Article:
How will you spend this holiday? That’s on the minds of the nation’s retailers.
In the first holiday season since the coronavirus pandemic, shopper concerns about health of their families and their finances are likely to put a chill on spending, with retail sales expected to rise only slightly.
Sales are expected to increase between 1% and 1.5% from November to January as compared to last year, according to the consultancy firm.
While that would still add up to between $1.147 billion and $1.152 billion in spending, the forecast reflects the lingering uncertainty about the coronavirus as well as the economy.
A vaccine could spur consumer confidence and job growth, while continued spikes and winding layoffs could lead shoppers to focus more on saving than spending – though cash that would typically go toward travel and dining out may also allow more money for gifts.
“This year, one of two holiday scenarios will play out,” Rod Sides, vice chairman and U.S. retail and distribution sector leader of Deloitte, said in a statement. “Regardless of the scenario, however, the consumer’s focus on health, financial concerns and safety will result in a shift in the way they spend their holiday budget.”
With more shoppers relying on online shopping for everything from toothpaste and toilet paper to trampolines and home school and office furniture in the midst of the global health crisis, the holiday season is likely to spur even more virtual shopping cart clicks. The expected jump of between 25% and 35%, compared to last year’s 14.7% spike, would add up to between $182 billion and $196 billion.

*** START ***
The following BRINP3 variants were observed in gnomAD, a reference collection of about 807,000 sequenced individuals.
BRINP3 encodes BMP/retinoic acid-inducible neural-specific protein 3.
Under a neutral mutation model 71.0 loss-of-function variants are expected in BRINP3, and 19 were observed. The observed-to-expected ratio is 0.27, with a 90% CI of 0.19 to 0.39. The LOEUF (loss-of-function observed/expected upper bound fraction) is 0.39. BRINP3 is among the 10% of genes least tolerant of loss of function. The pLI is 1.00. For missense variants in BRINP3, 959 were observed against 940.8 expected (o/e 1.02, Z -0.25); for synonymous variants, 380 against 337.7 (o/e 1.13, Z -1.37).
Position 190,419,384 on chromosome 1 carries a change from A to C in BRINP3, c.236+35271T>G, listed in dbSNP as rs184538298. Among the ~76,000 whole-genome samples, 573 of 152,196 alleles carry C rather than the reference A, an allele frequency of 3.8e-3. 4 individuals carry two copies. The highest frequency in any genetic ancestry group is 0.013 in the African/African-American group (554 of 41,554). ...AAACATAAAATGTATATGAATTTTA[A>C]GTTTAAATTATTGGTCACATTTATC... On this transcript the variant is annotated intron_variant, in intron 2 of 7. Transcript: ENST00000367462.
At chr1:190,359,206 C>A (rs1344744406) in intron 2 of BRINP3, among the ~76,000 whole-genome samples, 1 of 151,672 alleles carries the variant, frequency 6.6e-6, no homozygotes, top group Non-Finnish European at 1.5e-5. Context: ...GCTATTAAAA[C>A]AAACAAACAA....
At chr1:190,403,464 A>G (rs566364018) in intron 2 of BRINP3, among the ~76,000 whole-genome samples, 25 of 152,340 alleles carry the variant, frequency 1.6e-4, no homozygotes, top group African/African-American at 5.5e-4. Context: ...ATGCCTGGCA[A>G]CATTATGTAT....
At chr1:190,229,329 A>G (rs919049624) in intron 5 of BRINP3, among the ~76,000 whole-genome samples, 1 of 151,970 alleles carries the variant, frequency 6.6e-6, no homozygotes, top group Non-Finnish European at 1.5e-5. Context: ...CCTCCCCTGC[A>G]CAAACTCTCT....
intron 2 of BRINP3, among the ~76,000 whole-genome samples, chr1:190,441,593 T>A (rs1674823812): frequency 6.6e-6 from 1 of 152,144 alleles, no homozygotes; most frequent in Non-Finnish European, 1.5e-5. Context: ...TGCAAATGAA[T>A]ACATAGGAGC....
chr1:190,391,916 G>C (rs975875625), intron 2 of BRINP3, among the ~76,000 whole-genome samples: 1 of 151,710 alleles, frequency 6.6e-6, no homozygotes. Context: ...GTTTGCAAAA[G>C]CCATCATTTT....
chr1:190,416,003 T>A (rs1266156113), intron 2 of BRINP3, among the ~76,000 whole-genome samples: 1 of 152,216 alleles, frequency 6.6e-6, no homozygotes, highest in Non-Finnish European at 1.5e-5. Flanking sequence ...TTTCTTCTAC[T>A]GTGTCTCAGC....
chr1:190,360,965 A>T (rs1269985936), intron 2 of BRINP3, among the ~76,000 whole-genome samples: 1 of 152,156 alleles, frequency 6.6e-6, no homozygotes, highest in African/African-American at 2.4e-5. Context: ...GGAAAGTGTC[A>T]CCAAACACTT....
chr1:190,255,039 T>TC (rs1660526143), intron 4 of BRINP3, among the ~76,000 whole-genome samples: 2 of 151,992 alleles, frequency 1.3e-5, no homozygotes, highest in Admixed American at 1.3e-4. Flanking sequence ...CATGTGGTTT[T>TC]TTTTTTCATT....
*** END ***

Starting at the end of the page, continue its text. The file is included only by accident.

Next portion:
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Deloitte says its overall projection is the middle ground between two different contexts that could play out during an unprecedented year.
If there’s little change or only a slight bump in sales, that could be the impact of family concerns about school-age children having to learn remotely from home, an increasing unemployment rate, or the wait for a vaccine. Or shoppers could be more focused on saving than spending. In July, the savings rate was 17.8%, compared with 7.4% the year before.
But we could see a different scenario – perhaps seeing a sales jump of 2.5% to 3.5% – if Congress finally passes a new relief bill that bumps up jobless benefits or an effective vaccine appears on the horizon.
Either way, though, sales are expected to fall far short of the 4.1% spike that occurred between November of last year and January.
“The lower projected holiday growth this season is not surprising given the state of the economy,” Daniel Bachman, Deloitte’s U.S. economic forecaster said in the statement. But “while high unemployment and economic anxiety will weigh on overall retail sales this holiday season, reduced spending on pandemic-sensitive services such as restaurants and travel may help bolster retail holiday sales somewhat.”
Follow Charisse Jones on Twitter @charissejones
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